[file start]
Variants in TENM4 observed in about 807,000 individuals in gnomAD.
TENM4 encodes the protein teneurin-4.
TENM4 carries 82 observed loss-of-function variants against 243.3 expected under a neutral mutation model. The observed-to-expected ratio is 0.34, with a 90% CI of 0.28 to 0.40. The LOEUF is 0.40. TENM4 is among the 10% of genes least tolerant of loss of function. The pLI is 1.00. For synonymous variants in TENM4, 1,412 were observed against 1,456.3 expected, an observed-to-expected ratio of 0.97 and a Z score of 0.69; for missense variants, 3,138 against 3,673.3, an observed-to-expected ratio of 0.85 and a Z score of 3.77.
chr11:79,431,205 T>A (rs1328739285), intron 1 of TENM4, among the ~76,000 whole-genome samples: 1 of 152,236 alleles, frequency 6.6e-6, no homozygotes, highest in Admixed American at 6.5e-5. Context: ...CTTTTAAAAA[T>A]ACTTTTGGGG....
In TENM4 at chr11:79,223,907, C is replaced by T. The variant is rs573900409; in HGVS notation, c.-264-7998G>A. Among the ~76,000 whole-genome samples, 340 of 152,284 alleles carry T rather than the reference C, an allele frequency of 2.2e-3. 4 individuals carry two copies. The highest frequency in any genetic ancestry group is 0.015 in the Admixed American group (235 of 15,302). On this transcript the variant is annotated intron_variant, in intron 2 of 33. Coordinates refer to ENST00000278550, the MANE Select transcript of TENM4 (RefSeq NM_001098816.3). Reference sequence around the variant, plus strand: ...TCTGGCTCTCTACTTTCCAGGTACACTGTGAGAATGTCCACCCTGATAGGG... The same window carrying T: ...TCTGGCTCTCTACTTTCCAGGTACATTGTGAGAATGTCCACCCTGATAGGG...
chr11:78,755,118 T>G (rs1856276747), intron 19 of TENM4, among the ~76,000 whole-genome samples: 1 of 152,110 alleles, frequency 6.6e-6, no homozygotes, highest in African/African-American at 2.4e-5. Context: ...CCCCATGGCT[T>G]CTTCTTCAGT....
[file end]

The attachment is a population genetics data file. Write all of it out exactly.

Variants in TENM4 observed in about 807,000 individuals in gnomAD.
TENM4 encodes the protein teneurin-4.
TENM4 carries 82 observed loss-of-function variants against 243.3 expected under a neutral mutation model. The observed-to-expected ratio is 0.34, with a 90% CI of 0.28 to 0.40. The LOEUF is 0.40. TENM4 is among the 10% of genes least tolerant of loss of function. The pLI is 1.00. For synonymous variants in TENM4, 1,412 were observed against 1,456.3 expected, an observed-to-expected ratio of 0.97 and a Z score of 0.69; for missense variants, 3,138 against 3,673.3, an observed-to-expected ratio of 0.85 and a Z score of 3.77.
chr11:79,431,205 T>A (rs1328739285), intron 1 of TENM4, among the ~76,000 whole-genome samples: 1 of 152,236 alleles, frequency 6.6e-6, no homozygotes, highest in Admixed American at 6.5e-5. Context: ...CTTTTAAAAA[T>A]ACTTTTGGGG....
In TENM4 at chr11:79,223,907, C is replaced by T. The variant is rs573900409; in HGVS notation, c.-264-7998G>A. Among the ~76,000 whole-genome samples, 340 of 152,284 alleles carry T rather than the reference C, an allele frequency of 2.2e-3. 4 individuals carry two copies. The highest frequency in any genetic ancestry group is 0.015 in the Admixed American group (235 of 15,302). On this transcript the variant is annotated intron_variant, in intron 2 of 33. Coordinates refer to ENST00000278550, the MANE Select transcript of TENM4 (RefSeq NM_001098816.3). Reference sequence around the variant, plus strand: ...TCTGGCTCTCTACTTTCCAGGTACACTGTGAGAATGTCCACCCTGATAGGG... The same window carrying T: ...TCTGGCTCTCTACTTTCCAGGTACATTGTGAGAATGTCCACCCTGATAGGG...
chr11:78,755,118 T>G (rs1856276747), intron 19 of TENM4, among the ~76,000 whole-genome samples: 1 of 152,110 alleles, frequency 6.6e-6, no homozygotes, highest in African/African-American at 2.4e-5. Context: ...CCCCATGGCT[T>G]CTTCTTCAGT....